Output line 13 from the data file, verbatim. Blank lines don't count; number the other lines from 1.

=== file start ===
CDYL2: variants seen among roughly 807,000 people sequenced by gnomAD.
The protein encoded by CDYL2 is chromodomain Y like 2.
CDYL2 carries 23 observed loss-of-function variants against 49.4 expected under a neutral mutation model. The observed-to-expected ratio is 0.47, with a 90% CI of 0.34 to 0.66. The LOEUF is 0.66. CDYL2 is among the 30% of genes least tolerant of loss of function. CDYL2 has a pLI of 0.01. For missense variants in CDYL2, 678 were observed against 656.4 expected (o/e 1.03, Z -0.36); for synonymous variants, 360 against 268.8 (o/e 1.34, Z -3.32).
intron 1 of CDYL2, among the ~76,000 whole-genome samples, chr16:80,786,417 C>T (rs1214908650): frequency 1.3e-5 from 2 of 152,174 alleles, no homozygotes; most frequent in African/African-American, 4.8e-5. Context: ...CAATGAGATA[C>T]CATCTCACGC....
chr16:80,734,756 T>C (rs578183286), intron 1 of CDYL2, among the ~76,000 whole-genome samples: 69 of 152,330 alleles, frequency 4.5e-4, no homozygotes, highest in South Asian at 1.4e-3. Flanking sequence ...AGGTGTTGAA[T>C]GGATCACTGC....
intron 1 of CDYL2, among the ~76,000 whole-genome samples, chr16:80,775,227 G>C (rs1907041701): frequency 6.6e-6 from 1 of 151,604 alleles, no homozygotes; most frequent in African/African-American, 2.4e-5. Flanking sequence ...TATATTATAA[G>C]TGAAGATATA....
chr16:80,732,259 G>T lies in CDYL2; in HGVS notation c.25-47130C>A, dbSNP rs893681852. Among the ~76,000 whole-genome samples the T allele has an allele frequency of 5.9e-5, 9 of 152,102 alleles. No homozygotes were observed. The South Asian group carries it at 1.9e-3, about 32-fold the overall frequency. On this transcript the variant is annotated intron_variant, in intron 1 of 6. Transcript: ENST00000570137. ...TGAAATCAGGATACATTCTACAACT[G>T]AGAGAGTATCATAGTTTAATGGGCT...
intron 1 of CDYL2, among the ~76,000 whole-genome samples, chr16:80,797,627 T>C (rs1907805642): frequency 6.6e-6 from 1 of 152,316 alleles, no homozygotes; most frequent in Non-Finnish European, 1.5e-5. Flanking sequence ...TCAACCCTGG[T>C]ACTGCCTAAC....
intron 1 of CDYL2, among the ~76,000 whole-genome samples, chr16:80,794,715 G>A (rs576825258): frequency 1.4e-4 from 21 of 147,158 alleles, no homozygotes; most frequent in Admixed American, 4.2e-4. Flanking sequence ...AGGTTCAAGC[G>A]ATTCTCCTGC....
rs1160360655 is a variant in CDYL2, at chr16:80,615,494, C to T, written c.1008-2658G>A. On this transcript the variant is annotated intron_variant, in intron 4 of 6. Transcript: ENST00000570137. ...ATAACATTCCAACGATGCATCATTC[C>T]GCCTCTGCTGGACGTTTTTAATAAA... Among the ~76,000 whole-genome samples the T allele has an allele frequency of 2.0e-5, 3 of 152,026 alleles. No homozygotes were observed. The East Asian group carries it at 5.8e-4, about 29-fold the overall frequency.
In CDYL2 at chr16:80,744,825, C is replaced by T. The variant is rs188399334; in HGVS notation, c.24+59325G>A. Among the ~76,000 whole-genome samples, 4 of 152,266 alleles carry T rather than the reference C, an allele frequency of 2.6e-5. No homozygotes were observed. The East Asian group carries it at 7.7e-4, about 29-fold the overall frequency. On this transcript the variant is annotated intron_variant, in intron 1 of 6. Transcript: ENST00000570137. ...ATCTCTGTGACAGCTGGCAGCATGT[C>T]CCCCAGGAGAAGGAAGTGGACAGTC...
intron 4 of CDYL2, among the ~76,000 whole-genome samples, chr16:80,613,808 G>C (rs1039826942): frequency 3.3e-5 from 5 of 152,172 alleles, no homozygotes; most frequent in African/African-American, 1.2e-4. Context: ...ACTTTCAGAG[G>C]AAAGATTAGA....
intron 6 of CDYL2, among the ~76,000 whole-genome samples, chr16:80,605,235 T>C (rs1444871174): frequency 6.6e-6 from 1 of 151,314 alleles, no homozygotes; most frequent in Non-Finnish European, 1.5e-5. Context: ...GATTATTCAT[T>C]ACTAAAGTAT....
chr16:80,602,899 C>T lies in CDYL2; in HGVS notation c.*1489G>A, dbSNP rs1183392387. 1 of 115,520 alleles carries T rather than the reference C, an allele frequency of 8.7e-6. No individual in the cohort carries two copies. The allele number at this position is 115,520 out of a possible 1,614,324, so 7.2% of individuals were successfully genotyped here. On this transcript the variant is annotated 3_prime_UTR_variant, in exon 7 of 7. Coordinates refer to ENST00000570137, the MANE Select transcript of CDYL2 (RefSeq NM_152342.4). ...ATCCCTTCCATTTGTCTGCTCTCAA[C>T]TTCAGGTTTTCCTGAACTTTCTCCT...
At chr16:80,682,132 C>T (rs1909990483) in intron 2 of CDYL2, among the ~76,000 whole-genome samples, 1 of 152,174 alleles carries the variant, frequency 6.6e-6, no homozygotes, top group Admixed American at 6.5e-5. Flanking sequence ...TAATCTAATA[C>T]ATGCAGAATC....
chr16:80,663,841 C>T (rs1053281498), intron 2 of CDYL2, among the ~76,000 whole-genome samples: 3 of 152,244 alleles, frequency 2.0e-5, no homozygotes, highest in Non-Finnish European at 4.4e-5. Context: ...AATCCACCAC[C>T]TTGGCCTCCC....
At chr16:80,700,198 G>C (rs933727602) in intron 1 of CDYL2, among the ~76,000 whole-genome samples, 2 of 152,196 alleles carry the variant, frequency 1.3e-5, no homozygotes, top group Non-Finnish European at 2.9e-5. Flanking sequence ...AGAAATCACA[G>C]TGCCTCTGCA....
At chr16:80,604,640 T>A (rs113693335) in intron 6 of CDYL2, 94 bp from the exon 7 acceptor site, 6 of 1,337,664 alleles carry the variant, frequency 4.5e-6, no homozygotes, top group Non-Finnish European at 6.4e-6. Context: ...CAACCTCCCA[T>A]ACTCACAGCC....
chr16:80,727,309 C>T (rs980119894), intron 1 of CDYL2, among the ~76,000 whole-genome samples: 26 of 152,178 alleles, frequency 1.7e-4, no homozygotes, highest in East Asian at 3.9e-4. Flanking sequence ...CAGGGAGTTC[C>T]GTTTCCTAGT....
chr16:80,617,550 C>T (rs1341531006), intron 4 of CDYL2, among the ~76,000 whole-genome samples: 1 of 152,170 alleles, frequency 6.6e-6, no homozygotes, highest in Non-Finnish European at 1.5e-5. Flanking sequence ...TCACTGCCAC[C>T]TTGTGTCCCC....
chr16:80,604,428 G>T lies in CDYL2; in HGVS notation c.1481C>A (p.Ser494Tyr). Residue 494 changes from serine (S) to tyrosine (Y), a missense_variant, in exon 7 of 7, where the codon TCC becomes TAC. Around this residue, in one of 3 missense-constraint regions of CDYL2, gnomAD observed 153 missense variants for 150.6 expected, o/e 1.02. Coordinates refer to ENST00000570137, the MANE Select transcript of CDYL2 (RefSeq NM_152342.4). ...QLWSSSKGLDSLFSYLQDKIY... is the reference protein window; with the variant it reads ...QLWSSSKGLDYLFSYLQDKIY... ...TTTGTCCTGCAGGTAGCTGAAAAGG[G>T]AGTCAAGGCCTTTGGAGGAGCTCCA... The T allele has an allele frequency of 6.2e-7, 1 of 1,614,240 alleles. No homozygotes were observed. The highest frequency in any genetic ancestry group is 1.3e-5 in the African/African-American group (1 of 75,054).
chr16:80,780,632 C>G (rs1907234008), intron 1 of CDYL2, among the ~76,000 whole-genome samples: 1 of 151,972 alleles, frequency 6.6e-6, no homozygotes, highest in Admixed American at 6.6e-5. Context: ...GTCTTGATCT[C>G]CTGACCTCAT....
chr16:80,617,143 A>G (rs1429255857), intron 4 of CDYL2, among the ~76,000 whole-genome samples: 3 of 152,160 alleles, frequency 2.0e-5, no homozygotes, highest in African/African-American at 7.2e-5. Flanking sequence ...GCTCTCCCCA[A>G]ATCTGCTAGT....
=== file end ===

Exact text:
intron 6 of CDYL2, among the ~76,000 whole-genome samples, chr16:80,605,235 T>C (rs1444871174): frequency 6.6e-6 from 1 of 151,314 alleles, no homozygotes; most frequent in Non-Finnish European, 1.5e-5. Context: ...GATTATTCAT[T>C]ACTAAAGTAT....